WOLLONGONG: A new report has warned that even if global warming is held at 1.5 degree Celsius, we will still lose a third of the glaciers in the Hindu Kush-Himalaya region. What does that mean for rivers that flow down these mountains, and the people who depend on them?
The region is home to the tallest mountains on Earth, and also to the source of rivers that sustain close to two billion people. These rivers supply agriculture with water and with sediments that fertilise soils in valleys and the floodplain.
Some of these rivers are hugely culturally significant. The Ganges (or Ganga), for instance, which flows for more than 2,525 km from the western Himalayas into the Bay of Bengal, is personified in Hinduism as the goddess Ganga.
HEAVY RAINS AND LARGE FLOODS
Before we get to the effect of melting glaciers on Himalayan rivers, we need to understand where they get their water.
For much of Himalayas, rain falls mostly during the monsoon active between June and September. The monsoon brings heavy rain and often causes devastating floods, such as in northern India in 2013, which forced the evacuation of more than 110,000 people.
But the summer monsoon is not the only culprit for devastating floods. Landslides can dam the river, and when this dam bursts it can cause dramatic, unpredictable flooding. Some of those events have been linked to folk stories of floods in many cultures around the world.
In the Himalayas, a study tracking the 1,000-year history of large floods showed that heavy rainfall and landslide-dam burst are the main causes.
When they melt, glaciers can also create natural dams, which can then burst and send floods down the valley. In this way, the newly forecast melting poses an acute threat.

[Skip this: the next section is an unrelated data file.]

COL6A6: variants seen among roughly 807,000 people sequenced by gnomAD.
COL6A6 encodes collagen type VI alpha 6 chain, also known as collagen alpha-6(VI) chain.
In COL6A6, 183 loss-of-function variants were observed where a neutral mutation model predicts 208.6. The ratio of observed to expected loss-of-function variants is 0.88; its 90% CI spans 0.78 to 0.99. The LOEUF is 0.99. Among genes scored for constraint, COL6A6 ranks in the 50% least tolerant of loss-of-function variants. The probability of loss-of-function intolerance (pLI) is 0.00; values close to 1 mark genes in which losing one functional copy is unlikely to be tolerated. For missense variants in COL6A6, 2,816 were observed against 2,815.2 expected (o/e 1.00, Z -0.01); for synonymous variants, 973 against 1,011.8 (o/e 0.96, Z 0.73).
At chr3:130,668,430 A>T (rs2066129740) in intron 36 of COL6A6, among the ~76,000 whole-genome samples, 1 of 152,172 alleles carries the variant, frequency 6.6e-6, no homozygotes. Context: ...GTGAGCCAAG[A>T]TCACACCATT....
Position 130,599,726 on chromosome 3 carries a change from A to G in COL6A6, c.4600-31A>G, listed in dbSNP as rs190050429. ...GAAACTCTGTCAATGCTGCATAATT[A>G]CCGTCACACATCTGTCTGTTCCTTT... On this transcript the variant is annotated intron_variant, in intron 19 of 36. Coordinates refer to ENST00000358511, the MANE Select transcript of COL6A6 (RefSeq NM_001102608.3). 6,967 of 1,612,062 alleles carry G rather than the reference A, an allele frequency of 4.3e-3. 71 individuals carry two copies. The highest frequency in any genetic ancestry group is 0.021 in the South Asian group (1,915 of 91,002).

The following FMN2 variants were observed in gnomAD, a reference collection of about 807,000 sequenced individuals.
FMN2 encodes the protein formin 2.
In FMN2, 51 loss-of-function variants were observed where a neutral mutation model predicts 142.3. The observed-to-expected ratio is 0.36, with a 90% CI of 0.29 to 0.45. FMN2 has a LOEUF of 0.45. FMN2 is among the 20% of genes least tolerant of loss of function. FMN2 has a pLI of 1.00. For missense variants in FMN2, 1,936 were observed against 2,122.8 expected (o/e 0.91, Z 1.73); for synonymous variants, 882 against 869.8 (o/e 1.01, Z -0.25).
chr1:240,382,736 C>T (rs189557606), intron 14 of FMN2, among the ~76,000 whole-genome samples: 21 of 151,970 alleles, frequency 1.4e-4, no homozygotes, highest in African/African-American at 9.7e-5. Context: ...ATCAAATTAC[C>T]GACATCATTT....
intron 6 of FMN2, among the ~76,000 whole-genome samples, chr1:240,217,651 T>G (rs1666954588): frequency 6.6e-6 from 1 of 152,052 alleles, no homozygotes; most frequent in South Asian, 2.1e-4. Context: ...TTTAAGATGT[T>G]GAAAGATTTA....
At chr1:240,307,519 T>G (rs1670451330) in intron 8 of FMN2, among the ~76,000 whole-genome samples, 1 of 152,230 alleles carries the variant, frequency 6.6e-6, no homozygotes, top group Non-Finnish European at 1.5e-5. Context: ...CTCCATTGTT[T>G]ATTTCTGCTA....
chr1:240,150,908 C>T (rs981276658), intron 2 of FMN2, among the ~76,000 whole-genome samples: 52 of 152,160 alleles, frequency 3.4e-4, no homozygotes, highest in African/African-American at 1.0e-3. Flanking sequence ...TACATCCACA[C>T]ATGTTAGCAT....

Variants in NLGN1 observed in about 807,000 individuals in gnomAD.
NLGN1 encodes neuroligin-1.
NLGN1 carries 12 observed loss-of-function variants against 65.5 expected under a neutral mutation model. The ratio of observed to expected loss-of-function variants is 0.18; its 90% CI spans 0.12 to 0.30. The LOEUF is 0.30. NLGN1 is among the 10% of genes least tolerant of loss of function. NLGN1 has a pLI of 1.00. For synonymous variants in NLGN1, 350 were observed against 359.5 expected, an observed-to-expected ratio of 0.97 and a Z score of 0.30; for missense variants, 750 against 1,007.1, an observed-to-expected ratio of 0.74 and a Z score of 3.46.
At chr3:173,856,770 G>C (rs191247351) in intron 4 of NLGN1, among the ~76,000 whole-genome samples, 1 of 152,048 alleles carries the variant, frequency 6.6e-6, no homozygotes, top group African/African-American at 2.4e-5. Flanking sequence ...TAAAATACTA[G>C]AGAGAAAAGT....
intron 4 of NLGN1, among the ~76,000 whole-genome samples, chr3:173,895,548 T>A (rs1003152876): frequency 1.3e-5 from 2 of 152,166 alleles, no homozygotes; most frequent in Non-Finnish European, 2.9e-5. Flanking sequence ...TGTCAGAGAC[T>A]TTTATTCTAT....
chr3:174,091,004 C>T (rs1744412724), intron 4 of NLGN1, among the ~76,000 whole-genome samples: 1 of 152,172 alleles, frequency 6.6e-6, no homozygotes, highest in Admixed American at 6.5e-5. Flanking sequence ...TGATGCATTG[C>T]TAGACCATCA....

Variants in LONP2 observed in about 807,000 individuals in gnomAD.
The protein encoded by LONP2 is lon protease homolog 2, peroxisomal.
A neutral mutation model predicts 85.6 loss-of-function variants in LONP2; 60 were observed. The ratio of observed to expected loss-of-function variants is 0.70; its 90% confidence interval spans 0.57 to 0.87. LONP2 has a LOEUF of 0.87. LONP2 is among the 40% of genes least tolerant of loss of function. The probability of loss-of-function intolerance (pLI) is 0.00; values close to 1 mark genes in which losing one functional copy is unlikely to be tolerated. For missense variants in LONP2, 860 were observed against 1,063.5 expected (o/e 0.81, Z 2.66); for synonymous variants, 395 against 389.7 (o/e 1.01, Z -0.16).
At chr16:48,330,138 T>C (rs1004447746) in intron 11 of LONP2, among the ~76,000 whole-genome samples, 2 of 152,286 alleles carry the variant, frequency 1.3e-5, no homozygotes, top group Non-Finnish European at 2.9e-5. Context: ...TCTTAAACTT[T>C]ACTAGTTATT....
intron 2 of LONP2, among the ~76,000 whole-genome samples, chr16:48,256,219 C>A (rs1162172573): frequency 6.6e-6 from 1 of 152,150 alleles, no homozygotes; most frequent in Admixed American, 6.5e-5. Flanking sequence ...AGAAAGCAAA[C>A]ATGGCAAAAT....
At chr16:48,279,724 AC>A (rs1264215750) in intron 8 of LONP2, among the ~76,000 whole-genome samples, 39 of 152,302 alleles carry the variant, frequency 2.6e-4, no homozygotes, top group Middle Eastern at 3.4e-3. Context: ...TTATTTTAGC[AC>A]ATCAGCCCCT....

The potential problem is worsened still further by the Intergovernmental Panel on Climate Change’s prediction that the frequency of extreme rainfall events will also increase.
What will happen to Himalayan rivers when the taps are turned to high in this way? To answer this, we need to look into the past.
For tens of thousands of years, rivers have polished rocks and laid down sediments in the lower valleys of the mountain range. These sediments and rocks tell us the story of how the river behaves when the tap opens or closes.
Some experts propose that intense rain tends to trigger landslides, choking the river with sediments which are then dumped in the valleys. Others suggest that the supply of sediments to the river generally doesn’t change much even in extreme rainfall events, and that the main effect of the extra flow is that the river erodes further into its bed.
The most recent work supports the latter theory. It found that 25,000 to 35,000 years ago, when the monsoon was much weaker than today, sediments were filling up Himalayan valleys.
But more recently (3,000 to 6,000 years ago), rock surfaces were exposed during a period of strong monsoon, illustrating how the river carved into its bed in response to higher rainfall.
So what does the past tell us about the future of Himalayan rivers? More frequent extreme rainfall events mean more floods, of course. But a stronger monsoon also means rivers will cut deeper into their beds, instead of fertilising Himalayan valleys and the Indo-Gangetic plain with sediments.
What about glaciers melting? For as long as there are glaciers, this will increase the amount of meltwater in the rivers each spring (until 2060, according the report, after which there won’t be any meltwater to talk about).
So this too will contribute to rivers carving into their beds instead of distributing sediments. It will also increase the risk of flooding from outburst of glacial lake dams.
So what is at stake? The melting glaciers? No.
Given thousands or millions of years, it seems likely that they will one day return. But on a more meaningful human timescale, what is really at stake is us – our own survival.
Global warming is reducing our resources, and making life more perilous along the way. The rivers of the Himalayas are just one more example.
Anthony Dosseto is associate professor and founder of the Wollongong Isotope Geochronology Laboratory at the University of Wollongong. This commentary first appeared on The Conversation. Read it here.